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Cellphone cases? Sure, if you have an iPhone.
During my search for a case for my new phone, I discovered this store. Claiming to have a large variety of cases, I thought that they might have cases for a variety of Android phones as well as iPhones, but that simply was not the case.
There is a large variety of iPhone cases available in a variety of styles, patterns, and colors.
As for Android, they had only a few Xperia cases and some general use stick-on type flip cases. I was quite disappointed in the selection. The store is also extremely small and difficult to move around if people are looking at something.
They also sell headphones, back up batteries, and a variety of cellphone accessories. Their prices aren't exactly competitive but they aren't any more expensive than other similar store.
They do have an online search available within the store but its completely in Japanese. There is also no English in the store itself.
In the Area
This is one of the first shops I was introduced to in Sendai. Branching out from a previous specialization in Visual Kei, the shop now carries a variety of interesting t-shirts, jackets, socks and accessories in styles and patterns not so common in this area. Some styles are well known abroad, like the two-tone embroidered members-only style jackets with Japanese designs on the back. Other styles are less broadly enjoyed but can provide a quirky brand of humor, such as the Red Devil brand t-shirts and trucker-style hats.The thing that makes this store special, though, has less to do with what's on the shelves than who stocks them. The staff are usually ready to help with anything, even finding a new size in whatever design you're interested in, if they have it in stock. What makes them really special in my eyes is that despite my husband not having the ability to shop at the store in about a decade, the owners recognized him within minutes of our arrival at the shop. They seem to care a lot about their customers.Especially on products with embroidery, the prices are not exactly frugal and for good reason-- you're paying for the craftsmanship. If you need a really cool souvenir for someone really special (especially if that someone is male), a lot of the clothing here could do the trick.If you instead need something small, fun, and a bit less expensive, the socks are a good bet. Located a short walk from the station in the shopping arcade, Esquire is a cool place to find something special.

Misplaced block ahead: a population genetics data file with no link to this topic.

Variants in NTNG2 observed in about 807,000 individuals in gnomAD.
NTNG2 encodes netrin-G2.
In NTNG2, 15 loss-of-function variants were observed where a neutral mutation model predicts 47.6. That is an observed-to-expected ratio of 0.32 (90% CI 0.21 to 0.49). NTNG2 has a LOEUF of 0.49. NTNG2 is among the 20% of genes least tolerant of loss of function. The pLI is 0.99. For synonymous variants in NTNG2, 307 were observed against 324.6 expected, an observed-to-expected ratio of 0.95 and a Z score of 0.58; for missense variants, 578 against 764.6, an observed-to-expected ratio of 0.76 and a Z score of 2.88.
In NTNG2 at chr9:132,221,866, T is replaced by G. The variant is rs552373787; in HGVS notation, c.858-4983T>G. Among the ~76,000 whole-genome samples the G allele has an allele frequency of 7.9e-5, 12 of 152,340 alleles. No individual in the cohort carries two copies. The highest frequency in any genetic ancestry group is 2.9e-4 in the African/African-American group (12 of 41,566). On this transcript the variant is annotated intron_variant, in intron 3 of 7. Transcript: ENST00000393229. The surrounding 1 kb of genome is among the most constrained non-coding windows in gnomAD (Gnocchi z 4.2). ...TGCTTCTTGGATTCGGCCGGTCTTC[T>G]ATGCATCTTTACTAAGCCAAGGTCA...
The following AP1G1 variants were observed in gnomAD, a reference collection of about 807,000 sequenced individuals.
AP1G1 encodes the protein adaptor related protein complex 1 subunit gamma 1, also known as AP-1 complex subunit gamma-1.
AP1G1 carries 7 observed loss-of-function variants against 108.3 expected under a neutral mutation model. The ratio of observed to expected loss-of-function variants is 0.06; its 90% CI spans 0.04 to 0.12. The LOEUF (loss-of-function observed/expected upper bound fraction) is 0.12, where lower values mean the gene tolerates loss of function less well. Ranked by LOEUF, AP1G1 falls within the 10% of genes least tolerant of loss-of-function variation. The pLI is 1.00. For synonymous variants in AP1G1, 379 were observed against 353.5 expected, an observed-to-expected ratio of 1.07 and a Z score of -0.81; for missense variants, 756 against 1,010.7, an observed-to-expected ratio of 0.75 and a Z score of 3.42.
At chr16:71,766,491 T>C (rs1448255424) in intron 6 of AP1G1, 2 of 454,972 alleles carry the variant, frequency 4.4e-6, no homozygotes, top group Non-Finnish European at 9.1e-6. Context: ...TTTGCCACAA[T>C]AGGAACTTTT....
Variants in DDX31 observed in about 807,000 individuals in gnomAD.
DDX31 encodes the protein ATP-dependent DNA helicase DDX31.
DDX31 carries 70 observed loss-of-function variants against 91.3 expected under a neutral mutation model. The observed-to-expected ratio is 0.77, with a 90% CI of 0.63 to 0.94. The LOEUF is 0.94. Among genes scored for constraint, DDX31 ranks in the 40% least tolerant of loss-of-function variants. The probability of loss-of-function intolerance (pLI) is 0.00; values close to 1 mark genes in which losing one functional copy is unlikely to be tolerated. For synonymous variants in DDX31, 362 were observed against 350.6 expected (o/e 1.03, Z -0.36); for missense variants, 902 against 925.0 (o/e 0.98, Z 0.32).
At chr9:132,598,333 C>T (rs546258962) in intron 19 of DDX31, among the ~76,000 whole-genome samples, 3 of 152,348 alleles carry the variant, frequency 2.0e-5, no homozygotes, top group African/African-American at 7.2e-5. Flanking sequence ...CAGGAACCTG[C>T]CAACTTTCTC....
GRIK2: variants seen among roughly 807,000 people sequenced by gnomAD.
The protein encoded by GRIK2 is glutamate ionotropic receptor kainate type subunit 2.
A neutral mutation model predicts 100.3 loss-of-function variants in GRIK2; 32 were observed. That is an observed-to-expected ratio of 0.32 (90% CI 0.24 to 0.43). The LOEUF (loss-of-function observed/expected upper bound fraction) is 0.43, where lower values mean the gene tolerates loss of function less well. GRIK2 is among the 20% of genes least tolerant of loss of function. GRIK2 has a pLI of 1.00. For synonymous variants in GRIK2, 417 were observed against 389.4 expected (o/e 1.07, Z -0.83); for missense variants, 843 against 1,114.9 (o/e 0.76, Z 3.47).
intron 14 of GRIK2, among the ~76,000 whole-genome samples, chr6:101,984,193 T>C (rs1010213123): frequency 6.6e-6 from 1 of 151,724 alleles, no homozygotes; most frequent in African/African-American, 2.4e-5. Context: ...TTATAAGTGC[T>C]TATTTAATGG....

Taiyaki, the fish shaped pastry cakes filled with bean curd or other sweets, is a popular, traditional sweet in any season throughout Japan. This is the main store for the most popular Taiyaki shop in Sendai, which now boasts five locations including one in Tokyo. More information about the other locations can be found at this website:http://www.taiankichijitsu.com/This place is close to the station, though there is a smaller shop by the same name even closer. This however is the biggest location, with benches to sit on inside the shop as well as along the sidewalk outside. A great place to enjoy a nice bit of something sweet.The coolest thing about this place is the selection. Traditional flavors are available, some hot and some cold, but the signs in front of the shop boast new flavorful selections everyday. The daily special is usually 100 yen and is usually in the vein of seasonal fun, such as watermelon in summer or chestnut in fall.My favorites though are the savory options. The curry taiyaki is not known for it's spiciness, but can still be fairly delicious. Last week, I tried the Garlic German Potato Taiyaki, which was essentially bacon potato soup in a fish-shaped pastry, and it was excellent.Other stores in the area may offer alternative taiyaki options, but this shop remains my personal favorite.